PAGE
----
This is a busy time of the year. There are many condominium unit closings scheduled for the coming months.
In this article, I want to outline the things a lawyer must do to represent a buyer of a condominium unit. The role of a lawyer is to protect the buyer against risks and to obtain those advantages that are reasonable and appropriate without being a deal breaker. A lawyer should be a deal maker, not a deal breaker.
The purchase of a condominium unit is more complicated than the purchase of a house. The buyer of a unit in a condominium is buying into a community with a set of rules. The buyer of a unit in a condominium must be willing to live by these rules and surrender some freedom.
A lawyer representing a buyer should review the condominium documents, including the master deed, the document which created the association of unit owners, the plans, and the budget. A lawyer must discuss questions involving parking, storage areas, and rental, which are traditional questions. A lawyer should also discuss some new issues such as mold, bed bugs, and smoking.
Next, a lawyer should review the insurance certificate and the sections of the condominium documents which deal with insurance. The lawyer must advise the buyer as to the coverage which the master insurance policy provides. The lawyer must also advise a buyer that he needs his own insurance policy to cover his contents and to cover liability within his condominium unit.
In new construction situations, the lawyer must look at the certificate of occupancy and make certain that all work is completed in the common areas as well as in the unit. In the event work is not completed, there should be a holdback or the closing should be postponed.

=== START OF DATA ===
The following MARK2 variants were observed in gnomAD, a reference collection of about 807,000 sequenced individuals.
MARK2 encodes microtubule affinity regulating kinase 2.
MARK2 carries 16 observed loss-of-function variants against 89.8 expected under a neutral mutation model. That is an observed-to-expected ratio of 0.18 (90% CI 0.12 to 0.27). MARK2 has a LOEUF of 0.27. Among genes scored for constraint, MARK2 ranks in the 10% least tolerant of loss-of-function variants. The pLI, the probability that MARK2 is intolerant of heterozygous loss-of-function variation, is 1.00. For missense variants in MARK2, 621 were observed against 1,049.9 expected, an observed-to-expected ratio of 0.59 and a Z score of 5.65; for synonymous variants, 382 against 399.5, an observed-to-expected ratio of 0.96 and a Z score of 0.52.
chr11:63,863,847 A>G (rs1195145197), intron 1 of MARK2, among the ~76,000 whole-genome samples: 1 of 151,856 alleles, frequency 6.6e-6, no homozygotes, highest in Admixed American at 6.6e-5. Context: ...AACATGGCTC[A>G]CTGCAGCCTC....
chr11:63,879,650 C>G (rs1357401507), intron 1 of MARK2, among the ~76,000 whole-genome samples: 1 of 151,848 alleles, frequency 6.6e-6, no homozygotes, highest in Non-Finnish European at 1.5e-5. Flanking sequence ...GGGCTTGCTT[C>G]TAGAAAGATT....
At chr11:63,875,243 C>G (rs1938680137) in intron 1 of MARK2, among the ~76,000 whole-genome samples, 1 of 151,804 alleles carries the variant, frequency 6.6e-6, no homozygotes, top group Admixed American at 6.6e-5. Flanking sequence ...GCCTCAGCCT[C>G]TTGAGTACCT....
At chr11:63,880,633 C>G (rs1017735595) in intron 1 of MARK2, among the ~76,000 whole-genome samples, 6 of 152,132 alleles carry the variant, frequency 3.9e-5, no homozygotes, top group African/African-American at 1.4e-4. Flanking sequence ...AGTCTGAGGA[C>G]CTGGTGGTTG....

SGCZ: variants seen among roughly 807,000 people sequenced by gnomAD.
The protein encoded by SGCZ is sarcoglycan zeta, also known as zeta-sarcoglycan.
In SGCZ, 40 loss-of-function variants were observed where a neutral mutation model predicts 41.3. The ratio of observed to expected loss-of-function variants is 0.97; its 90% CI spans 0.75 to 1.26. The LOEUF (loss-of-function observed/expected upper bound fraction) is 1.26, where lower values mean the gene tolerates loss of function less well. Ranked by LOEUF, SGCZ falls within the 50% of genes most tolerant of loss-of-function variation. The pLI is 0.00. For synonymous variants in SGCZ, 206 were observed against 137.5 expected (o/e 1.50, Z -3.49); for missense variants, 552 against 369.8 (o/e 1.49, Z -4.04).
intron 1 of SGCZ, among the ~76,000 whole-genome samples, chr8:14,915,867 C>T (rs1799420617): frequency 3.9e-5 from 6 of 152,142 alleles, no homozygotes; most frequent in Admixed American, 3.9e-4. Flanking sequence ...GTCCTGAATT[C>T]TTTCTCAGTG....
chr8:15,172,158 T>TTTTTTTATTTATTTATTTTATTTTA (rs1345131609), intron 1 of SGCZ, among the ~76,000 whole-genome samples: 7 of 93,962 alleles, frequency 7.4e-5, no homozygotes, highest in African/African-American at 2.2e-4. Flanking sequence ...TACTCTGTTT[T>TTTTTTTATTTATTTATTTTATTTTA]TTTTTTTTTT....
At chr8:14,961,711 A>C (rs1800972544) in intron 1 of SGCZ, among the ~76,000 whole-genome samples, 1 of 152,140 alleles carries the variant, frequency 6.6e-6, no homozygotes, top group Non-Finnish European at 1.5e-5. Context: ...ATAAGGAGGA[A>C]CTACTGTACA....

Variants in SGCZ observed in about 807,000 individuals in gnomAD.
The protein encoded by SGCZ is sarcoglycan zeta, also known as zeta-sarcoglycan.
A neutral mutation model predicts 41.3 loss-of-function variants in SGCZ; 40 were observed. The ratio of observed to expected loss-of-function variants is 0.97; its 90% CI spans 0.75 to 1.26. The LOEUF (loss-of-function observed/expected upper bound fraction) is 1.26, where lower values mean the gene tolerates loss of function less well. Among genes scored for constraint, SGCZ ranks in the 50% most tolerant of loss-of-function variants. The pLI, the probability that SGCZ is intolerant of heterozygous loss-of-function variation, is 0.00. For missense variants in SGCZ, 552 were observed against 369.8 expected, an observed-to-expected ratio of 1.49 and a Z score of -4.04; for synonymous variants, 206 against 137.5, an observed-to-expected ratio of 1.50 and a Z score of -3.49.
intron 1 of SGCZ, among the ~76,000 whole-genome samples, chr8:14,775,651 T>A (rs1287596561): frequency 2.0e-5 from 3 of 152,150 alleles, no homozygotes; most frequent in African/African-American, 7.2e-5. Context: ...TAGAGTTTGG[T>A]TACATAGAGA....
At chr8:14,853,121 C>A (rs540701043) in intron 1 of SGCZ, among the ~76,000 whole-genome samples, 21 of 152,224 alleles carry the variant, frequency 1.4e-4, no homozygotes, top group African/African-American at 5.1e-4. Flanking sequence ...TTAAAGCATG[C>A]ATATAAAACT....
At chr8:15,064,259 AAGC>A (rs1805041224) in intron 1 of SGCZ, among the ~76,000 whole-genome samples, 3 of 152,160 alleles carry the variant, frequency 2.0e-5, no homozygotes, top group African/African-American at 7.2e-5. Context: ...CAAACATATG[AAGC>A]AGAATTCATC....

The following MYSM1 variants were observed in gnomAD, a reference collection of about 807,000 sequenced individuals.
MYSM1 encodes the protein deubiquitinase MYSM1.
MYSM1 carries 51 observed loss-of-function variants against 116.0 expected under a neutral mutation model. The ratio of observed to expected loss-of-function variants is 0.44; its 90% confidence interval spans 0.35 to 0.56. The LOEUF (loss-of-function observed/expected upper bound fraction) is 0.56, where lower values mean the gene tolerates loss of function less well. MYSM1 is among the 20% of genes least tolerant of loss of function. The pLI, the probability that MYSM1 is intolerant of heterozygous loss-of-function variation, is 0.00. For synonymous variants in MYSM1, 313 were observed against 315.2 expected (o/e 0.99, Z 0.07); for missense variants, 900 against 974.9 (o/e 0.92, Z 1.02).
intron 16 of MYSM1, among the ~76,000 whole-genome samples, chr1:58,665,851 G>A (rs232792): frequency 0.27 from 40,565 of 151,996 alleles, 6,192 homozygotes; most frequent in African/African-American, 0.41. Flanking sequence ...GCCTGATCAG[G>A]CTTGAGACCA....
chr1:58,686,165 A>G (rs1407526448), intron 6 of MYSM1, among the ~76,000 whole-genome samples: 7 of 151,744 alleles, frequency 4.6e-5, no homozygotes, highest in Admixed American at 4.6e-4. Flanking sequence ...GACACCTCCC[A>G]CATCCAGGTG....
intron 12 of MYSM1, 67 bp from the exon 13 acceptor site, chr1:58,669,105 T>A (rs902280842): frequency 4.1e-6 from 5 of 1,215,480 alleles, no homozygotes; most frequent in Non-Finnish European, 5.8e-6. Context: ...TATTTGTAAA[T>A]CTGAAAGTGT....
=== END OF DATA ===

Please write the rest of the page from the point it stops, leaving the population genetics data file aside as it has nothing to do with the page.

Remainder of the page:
A lawyer should work closely with the brokers regarding the offer, which the brokers usually prepare, and the purchase and sale agreement, which I prefer to prepare. As fifty percent (50%) of all sales are short sales, the attorney for a buyer should explain how an offer and a purchase and sale agreement should provide for a short sale. If structured properly, a short sale allows a buyer to purchase property at a favorable price. However, the buyer must understand and agree that if the seller is informed that the seller”s mortgagee does not approve the short sale, the offer/purchase and sale agreement will be null and void; the seller shall not be obligated to sell and the deposit shall be returned to the buyer.
A new homestead statute went into effect on March 16, 2011. The buyer”s attorney must be familiar with this statute and explain it to the buyer. Among other things, the new homestead statute makes it clear that a trust can declare a homestead. The buyer”s attorney should discuss with the buyer the advantages of taking title in a trust given the change in the homestead statute.
The use clause in the condominium documents is very important. For example, if the condominium documents restrict units to residential uses and a buyer wants to run a day care center in the unit, there is a problem. The buyer”s attorney must advise the buyer about use restrictions.
When buying a condominium, a buyer must remember that the expertise of the attorney and the broker are most important to a successful purchase.
The buyer”s deposits should be held in escrow by the broker. In no event should the seller get the deposit prior to the closing and recording of the deed.
The offer should contain an inspection contingency clause as to both the unit and the common areas and facilities, including mechanical systems, the roof, basement, etc.
Title insurance is important for a buyer. A buyer should be advised to obtain an owner”s title insurance policy. This is in addition to a lender”s title insurance policy which all lenders will require.
Finally the lawyer should prepare for and attend the closing with the buyer. The lawyer will review all closing documents and adjustments.
A lawyer representing an individual seller, lender, or developer, of course, has different concerns than the lawyer representing an individual buyer.
In any event, the role of the lawyer is critical for condominium unit closings.